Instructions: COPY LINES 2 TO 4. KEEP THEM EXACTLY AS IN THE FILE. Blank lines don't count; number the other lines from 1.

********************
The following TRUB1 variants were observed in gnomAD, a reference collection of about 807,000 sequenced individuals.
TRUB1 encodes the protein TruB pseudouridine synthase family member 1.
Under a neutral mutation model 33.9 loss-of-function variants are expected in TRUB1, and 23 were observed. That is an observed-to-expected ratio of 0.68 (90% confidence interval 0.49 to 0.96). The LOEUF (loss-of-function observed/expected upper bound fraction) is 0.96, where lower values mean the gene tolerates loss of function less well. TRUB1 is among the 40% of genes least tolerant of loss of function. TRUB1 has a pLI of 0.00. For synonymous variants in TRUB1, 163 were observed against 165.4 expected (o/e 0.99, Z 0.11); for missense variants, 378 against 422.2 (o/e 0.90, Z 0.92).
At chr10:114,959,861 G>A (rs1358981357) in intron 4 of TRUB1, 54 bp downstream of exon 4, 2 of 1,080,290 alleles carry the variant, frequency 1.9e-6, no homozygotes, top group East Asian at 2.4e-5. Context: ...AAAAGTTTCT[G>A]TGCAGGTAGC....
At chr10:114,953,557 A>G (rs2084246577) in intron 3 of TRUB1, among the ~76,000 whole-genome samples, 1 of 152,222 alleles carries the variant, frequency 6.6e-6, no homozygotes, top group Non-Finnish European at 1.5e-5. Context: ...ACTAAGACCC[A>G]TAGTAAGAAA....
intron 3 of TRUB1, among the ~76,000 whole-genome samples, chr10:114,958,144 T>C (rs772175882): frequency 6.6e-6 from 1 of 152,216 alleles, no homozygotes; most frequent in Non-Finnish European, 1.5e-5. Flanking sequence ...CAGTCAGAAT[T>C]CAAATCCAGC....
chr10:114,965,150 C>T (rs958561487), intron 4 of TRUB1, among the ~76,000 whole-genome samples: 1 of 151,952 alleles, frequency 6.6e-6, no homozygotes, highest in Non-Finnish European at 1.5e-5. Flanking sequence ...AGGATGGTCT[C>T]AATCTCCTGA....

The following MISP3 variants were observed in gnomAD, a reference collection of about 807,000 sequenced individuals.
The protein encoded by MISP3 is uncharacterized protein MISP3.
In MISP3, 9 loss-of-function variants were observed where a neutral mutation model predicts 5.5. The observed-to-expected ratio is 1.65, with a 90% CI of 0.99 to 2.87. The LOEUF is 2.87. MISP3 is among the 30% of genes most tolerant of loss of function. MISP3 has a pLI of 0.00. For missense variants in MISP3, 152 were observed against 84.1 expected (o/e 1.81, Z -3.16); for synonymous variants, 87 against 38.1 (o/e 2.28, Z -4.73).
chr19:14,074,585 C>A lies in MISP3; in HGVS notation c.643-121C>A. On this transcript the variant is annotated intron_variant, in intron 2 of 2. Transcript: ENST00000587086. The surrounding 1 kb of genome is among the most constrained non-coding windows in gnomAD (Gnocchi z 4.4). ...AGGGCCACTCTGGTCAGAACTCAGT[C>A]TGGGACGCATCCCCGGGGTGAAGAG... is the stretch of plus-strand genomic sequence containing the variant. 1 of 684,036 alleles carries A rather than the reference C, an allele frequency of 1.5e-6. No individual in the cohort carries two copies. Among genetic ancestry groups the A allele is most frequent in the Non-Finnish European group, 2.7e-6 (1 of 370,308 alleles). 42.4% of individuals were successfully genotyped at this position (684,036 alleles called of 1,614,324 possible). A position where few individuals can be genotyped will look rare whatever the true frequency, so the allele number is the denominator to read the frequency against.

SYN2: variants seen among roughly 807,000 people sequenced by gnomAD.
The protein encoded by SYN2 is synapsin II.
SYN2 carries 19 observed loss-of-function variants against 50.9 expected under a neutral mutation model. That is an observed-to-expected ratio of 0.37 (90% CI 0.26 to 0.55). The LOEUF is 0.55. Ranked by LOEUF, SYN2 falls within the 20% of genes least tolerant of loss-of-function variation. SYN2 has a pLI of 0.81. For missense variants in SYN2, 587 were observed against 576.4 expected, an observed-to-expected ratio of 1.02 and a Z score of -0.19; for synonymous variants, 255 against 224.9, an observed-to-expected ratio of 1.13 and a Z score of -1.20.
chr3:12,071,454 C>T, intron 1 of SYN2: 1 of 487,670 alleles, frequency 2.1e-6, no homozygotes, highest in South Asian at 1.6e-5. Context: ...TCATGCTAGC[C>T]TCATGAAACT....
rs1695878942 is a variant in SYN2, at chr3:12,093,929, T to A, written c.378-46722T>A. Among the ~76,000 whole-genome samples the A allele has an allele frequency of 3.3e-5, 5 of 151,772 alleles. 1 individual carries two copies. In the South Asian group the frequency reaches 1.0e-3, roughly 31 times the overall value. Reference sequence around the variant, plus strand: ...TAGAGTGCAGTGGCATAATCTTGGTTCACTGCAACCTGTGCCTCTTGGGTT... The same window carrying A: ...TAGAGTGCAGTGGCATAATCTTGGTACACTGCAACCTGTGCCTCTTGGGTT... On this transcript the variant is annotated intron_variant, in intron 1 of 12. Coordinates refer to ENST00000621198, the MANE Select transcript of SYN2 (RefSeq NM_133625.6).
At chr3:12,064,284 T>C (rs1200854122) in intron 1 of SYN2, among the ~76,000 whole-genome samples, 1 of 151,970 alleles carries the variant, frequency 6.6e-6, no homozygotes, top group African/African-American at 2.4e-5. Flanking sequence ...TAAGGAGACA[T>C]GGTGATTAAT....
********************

TRUB1 encodes the protein TruB pseudouridine synthase family member 1.
Under a neutral mutation model 33.9 loss-of-function variants are expected in TRUB1, and 23 were observed. That is an observed-to-expected ratio of 0.68 (90% confidence interval 0.49 to 0.96). The LOEUF (loss-of-function observed/expected upper bound fraction) is 0.96, where lower values mean the gene tolerates loss of function less well. TRUB1 is among the 40% of genes least tolerant of loss of function. TRUB1 has a pLI of 0.00. For synonymous variants in TRUB1, 163 were observed against 165.4 expected (o/e 0.99, Z 0.11); for missense variants, 378 against 422.2 (o/e 0.90, Z 0.92).
At chr10:114,959,861 G>A (rs1358981357) in intron 4 of TRUB1, 54 bp downstream of exon 4, 2 of 1,080,290 alleles carry the variant, frequency 1.9e-6, no homozygotes, top group East Asian at 2.4e-5. Context: ...AAAAGTTTCT[G>A]TGCAGGTAGC....